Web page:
The truck driver population is aging. The average truck driver is 52, which is ten years older than the average American worker.
A crucial step in addressing the shortage of qualified truck drivers is to recruit more young people into the industry. But there’s a hurdle: a federal regulation that bans 18- to 21-year-olds from driving Class 8 trucks across state lines.
So what can legislators do?
Calls For Change
Under current law, drivers can obtain a CDL at age 18. But they’re forbidden from moving goods across state lines until they’re 21.
This restriction is particularly problematic in regions like the greater D.C. metro area. Current laws prohibit an 18-year-old CDL driver from making a quick trip between Arlington, VA and Bethesda, MD (about 40 minutes). But the same driver could haul a load from Arlington to Norforlk, VA, which is more than a six-hour roundtrip.
On March 21, 2018, the House Transportation and Infrastructure Committee introduced a bill that could change that. The Developing Responsible Individuals for a Vibrant Economy (DRIVE-Safe) Act would lower the interstate commercial motor vehicle driving age to 18.
“This is a common-sense proposal that will open enormous opportunities for the 18-21 year-old population, giving them access to a high-paying profession free of the debt burden that comes with a four-year degree,” says American Trucking Associations President and CEO Chris Spear.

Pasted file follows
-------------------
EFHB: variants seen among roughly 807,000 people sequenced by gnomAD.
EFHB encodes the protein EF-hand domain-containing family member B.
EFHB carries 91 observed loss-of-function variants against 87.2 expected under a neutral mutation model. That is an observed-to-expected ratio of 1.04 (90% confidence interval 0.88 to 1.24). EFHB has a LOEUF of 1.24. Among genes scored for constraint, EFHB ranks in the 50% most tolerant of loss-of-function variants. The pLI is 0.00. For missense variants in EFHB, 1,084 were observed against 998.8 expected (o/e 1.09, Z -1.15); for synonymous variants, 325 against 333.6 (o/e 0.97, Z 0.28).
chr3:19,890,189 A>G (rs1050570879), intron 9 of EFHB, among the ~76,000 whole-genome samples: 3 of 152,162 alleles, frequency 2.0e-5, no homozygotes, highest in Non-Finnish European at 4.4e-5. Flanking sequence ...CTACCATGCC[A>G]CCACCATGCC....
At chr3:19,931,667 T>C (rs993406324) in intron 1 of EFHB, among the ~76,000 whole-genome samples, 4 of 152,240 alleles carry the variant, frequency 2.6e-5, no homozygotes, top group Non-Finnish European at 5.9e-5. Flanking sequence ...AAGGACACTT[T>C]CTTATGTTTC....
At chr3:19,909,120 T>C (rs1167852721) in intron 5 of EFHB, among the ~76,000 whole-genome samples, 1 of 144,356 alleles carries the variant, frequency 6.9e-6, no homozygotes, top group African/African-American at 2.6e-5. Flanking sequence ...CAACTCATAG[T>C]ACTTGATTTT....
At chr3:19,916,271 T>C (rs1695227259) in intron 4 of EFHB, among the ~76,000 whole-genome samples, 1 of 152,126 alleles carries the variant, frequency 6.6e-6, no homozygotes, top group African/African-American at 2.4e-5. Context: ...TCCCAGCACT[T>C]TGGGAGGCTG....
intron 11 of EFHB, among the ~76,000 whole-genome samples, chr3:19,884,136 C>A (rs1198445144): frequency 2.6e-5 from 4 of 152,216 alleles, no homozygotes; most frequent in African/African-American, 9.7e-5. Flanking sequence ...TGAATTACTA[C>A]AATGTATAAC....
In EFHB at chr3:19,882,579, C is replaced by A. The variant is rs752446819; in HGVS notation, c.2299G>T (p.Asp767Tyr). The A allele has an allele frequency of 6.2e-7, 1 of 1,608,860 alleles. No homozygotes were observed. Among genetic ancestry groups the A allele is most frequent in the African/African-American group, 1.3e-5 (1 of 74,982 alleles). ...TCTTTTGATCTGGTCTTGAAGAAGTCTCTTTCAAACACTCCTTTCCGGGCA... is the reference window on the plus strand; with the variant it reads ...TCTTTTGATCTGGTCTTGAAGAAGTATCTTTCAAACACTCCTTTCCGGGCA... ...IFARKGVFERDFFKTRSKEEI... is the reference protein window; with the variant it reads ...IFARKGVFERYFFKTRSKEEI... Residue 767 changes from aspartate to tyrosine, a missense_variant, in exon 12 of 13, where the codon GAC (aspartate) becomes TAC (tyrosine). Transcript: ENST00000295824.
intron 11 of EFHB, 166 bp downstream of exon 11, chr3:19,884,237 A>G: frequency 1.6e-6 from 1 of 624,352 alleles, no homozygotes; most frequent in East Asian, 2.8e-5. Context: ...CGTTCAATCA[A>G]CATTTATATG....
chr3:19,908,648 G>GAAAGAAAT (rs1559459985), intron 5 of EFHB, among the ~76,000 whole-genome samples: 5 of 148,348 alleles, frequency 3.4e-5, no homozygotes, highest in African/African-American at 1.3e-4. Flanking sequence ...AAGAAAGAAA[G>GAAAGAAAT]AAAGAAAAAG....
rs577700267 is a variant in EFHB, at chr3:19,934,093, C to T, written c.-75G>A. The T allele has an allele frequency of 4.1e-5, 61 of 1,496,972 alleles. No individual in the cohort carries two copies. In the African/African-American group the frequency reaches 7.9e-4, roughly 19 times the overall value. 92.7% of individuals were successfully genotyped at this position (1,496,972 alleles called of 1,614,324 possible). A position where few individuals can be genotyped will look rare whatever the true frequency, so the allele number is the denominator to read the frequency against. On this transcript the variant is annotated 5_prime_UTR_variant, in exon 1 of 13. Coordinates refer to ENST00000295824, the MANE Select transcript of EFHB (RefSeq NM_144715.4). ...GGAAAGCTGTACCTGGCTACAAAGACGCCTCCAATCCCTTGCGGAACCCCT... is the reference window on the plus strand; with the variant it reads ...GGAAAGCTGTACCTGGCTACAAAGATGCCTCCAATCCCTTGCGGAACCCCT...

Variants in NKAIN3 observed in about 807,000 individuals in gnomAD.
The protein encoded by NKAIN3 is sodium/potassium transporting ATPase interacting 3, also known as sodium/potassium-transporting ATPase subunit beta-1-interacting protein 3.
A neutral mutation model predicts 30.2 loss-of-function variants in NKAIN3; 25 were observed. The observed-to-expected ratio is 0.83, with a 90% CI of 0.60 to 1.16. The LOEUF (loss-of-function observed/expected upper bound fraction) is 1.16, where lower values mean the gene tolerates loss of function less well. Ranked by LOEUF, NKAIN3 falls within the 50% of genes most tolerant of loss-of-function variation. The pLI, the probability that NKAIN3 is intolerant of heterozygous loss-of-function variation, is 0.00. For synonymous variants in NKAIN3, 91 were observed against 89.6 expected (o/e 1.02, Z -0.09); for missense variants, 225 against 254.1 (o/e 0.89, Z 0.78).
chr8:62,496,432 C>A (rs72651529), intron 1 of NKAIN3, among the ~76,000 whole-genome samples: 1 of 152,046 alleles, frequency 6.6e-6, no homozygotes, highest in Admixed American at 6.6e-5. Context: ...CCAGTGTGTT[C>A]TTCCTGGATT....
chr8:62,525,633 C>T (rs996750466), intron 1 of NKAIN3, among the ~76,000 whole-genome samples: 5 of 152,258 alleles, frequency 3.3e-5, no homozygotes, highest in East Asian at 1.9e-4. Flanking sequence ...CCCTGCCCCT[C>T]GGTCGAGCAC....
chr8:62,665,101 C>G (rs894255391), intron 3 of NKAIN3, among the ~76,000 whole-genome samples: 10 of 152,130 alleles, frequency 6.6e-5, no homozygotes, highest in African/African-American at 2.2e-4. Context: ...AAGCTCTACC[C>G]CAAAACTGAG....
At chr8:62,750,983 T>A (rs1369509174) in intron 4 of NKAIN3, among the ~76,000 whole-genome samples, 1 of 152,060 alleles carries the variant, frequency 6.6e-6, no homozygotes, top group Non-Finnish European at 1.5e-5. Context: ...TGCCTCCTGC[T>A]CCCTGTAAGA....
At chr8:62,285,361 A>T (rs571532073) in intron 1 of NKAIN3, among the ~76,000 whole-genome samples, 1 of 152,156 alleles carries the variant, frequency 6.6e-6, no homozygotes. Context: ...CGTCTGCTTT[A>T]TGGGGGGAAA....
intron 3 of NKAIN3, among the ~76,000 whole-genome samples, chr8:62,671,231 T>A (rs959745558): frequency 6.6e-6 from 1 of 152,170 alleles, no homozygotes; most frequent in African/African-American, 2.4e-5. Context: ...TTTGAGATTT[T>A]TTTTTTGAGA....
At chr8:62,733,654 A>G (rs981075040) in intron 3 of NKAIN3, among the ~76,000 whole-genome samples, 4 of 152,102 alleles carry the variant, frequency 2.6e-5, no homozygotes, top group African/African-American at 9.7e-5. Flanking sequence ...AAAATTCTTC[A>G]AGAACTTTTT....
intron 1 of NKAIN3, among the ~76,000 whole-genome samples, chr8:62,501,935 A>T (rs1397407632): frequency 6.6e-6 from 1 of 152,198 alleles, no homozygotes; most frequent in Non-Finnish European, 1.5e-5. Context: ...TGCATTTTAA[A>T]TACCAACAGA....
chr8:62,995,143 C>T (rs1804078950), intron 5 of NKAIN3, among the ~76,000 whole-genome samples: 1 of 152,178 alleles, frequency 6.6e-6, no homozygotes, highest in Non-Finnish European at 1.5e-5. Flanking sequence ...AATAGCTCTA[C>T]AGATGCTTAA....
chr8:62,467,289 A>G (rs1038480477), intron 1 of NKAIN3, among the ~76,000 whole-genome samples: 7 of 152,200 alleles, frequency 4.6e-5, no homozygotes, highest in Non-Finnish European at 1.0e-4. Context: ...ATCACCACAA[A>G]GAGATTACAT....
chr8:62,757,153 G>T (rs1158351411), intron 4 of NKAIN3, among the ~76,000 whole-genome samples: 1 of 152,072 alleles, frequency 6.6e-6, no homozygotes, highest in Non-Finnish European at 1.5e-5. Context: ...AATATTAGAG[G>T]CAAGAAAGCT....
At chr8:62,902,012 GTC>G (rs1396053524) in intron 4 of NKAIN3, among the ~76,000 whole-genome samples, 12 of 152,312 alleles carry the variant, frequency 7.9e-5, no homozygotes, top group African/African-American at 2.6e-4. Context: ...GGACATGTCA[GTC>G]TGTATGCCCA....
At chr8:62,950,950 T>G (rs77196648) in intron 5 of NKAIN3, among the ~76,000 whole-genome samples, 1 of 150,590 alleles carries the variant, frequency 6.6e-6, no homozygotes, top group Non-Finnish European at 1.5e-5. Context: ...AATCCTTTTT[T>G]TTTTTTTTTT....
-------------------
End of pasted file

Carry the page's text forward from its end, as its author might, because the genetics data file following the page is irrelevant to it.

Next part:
But not everyone is happy about the proposed change to federal law.
The Owner-Operator Independent Drivers Association (OOIDA) sent a letter to the House Transportation and Infrastructure Committee expressing its opposition to the DRIVE-Safe Act.
“We think it’s irresponsible to put young drivers behind the wheel of a truck in order to avoid addressing the real problems of high turnover,” said Todd Spencer, acting president of OOIDA. “The focus should instead be on fixing the staggering turnover rate with better pay and working conditions.”
The letter points out that commercial motor vehicle (CMV) drivers under the age of 19 are four times more likely to be involved in fatal crashes. And CMV drivers who are 19-20 years of age are six times more likely to be involved in fatal crashes.
Several industry groups signed the letter. They include Road Safe America, the Truck Safety Coalition, the American Public Health Association, and the Advocates for Highway and Auto Safety.
More Work To Do
But even if the DRIVE-Safe Act becomes law, it remains to be seen how many young people will choose a career in the trucking industry.
According to Dave MacMillan, a retired truck driver whose career spanned 40 years, the industry isn’t one he’d necessarily recommend to young people. “When I got into it, you could make a living to be in the upper middle class. Gradually that’s dwindled away…it’s become a subsistence living. It’s an incredibly hard life for not very much money.”
The DRIVE Act is currently awaiting a vote in the Senate. Meanwhile, trucking companies will have to continue to tackle the driver shortage by trying to attract more young workers to the industry.
“Helping our clients get jobs done since 1998.”